Nigeria’s Senators and Their Jumbo Pay
Pursuant the revelations of Senator Shehu Sani on BBC, Nigerian senators are entitled to monthly expenses of N13.5 million ($37,500), in addition to their monthly salaries of N750,000 ($2,088). With a minimum wage of N18,000 ($50), it would take the average Nigerian worker 792 years to earn the annual salary of a Nigerian senator.
Taking the salary and expenses together and using an Assistant Superintendent of Police (ASP) on Grade 08, Step 01(a new graduate from the police academy) as benchmark, this might give us an insight into how graduate salaries compare to those of a senator in Nigeria. At N1.53 million ($4,250) annual salary for a graduate, it would take a senator 7 hours and 10 minutes to receive what an ASP of police earns in one month. Meanwhile, it would take the ASP approximately 102 years to earn a senator's annual income (including expenses). So, he or she would need to have worked continuously from the year 1916 until July 2018 to receive what a senator earns in a year.
If we are to use rice as an index to measure the cost of living in Nigeria, since it is the most stably priced staple food of the country, then, at ₦15,000 ($41.76) for a 50-kilogram bag, a senator's monthly income could buy 866 bags while the ASP’s monthly salary could only afford 8 bags of rice.
The questions most peoples are not asking are:
- How profitable is a Nigerian senator’s seat?
- How is a Nigerian senator’s salary compared to their counterpart in other countries?
- Why are people always on the edge when there is a discussion on salary?
These questions are not fanciful. Let us start from 1980 when the country’s foreign exchange rate was N0.57 to a dollar and the government revenue was $69.94 billion. This is an equivalent of $18.1 trillion when adjusted with current exchange rate. The federal government’s per capita spending in 1980 is equivalent to the spending on 641 persons in 2016. Therefore, it is not surprising that Nigerians are always on the edge whenever the discussion of salary comes up, because they do not even have sufficient money. Hence, they get worried when they hear that a senator goes home with as much as N14.25 million ($39,672) per month.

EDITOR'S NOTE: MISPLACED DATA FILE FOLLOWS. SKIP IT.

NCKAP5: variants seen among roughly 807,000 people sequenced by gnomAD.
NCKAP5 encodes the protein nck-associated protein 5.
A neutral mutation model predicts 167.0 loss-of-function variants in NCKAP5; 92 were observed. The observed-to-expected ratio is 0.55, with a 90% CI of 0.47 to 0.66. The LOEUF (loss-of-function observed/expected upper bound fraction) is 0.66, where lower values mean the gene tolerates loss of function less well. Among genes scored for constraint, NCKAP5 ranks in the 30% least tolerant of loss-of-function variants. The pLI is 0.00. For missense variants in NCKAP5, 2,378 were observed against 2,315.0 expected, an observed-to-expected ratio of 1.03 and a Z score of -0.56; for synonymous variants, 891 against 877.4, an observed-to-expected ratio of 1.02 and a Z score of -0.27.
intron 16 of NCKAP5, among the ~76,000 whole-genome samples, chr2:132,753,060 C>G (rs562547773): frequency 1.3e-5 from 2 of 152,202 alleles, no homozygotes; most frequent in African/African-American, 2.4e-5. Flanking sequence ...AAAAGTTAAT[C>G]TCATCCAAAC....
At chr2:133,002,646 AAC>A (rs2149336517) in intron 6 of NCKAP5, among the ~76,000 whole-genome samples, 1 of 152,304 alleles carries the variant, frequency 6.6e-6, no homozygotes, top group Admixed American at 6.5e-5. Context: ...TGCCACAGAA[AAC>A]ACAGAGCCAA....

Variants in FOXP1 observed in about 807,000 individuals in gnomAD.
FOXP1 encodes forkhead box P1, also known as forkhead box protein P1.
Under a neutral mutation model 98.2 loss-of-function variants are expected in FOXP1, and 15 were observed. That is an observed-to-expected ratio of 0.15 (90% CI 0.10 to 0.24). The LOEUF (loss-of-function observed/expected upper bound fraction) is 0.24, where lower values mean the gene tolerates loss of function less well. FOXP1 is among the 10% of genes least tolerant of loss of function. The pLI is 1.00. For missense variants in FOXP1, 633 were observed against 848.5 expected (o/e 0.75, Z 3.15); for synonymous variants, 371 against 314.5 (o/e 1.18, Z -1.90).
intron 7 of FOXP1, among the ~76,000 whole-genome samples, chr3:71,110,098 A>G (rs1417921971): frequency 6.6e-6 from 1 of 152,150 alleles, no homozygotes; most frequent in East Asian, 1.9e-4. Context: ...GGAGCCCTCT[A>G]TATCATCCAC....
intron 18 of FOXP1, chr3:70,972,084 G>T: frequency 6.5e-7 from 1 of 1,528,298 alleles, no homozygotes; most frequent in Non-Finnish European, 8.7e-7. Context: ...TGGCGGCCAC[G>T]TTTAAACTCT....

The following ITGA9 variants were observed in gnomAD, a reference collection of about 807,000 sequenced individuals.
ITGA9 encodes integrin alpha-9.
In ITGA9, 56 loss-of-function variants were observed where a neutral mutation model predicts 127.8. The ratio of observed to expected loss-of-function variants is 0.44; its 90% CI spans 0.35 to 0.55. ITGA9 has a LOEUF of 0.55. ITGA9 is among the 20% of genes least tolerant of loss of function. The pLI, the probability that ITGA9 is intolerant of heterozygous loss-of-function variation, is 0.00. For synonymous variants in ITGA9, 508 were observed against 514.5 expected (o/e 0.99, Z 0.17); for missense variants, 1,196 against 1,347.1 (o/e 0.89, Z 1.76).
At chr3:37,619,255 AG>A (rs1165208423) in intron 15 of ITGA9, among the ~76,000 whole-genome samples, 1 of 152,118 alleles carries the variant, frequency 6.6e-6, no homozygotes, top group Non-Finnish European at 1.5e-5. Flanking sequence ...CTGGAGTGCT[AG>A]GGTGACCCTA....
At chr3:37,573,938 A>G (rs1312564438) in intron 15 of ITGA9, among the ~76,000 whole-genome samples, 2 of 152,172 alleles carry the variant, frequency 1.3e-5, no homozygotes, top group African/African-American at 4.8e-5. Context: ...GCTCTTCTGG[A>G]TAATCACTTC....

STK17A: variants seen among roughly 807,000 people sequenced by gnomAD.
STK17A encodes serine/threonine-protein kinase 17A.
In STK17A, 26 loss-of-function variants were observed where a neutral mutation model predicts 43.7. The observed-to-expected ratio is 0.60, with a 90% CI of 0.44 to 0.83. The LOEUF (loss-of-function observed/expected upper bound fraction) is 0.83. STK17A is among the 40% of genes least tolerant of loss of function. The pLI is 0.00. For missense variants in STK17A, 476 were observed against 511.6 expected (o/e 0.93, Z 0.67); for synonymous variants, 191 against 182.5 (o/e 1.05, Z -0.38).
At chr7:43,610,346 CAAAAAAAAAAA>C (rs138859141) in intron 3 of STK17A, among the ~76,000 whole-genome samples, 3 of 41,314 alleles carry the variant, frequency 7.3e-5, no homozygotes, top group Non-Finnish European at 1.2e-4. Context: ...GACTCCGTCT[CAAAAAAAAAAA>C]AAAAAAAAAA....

Burden on the Government
In a press briefing, the country’s Minister of Finance claims that with N1million ($2,784), the government was able to provide food for 14,200 children as part of the school feeding program across the country. So, the Senator Shehu Sani revelation simply means that the take home pay (salary + monthly expenses) of a senator can provide food for 202,350 children every month. This number of children will fill the Wembley Stadium, Camp Nou, and the O2 Arena put together.
This is a burden and indeed unsustainable for the government, since the government was only able to raise a revenue of N3.2 trillion ($8.2 billion) in 2017, while the recurrent budget for salaries and basic expenditures was N2.98 trillion ($7.59 billion). Thus, the government has only been able to cover its recurrent expenditures for Ministries, Departments, and Agencies from its revenue, thereby increasing its budget deficit to cover capital expenditure, statutory transfers, and debt servicing.
Even with the provision for additional expenses, the return on investment of a Nigerian senator is still significantly higher. In fact, there is no sector in the Nigerian economy that can easily give a return of over 142% per year.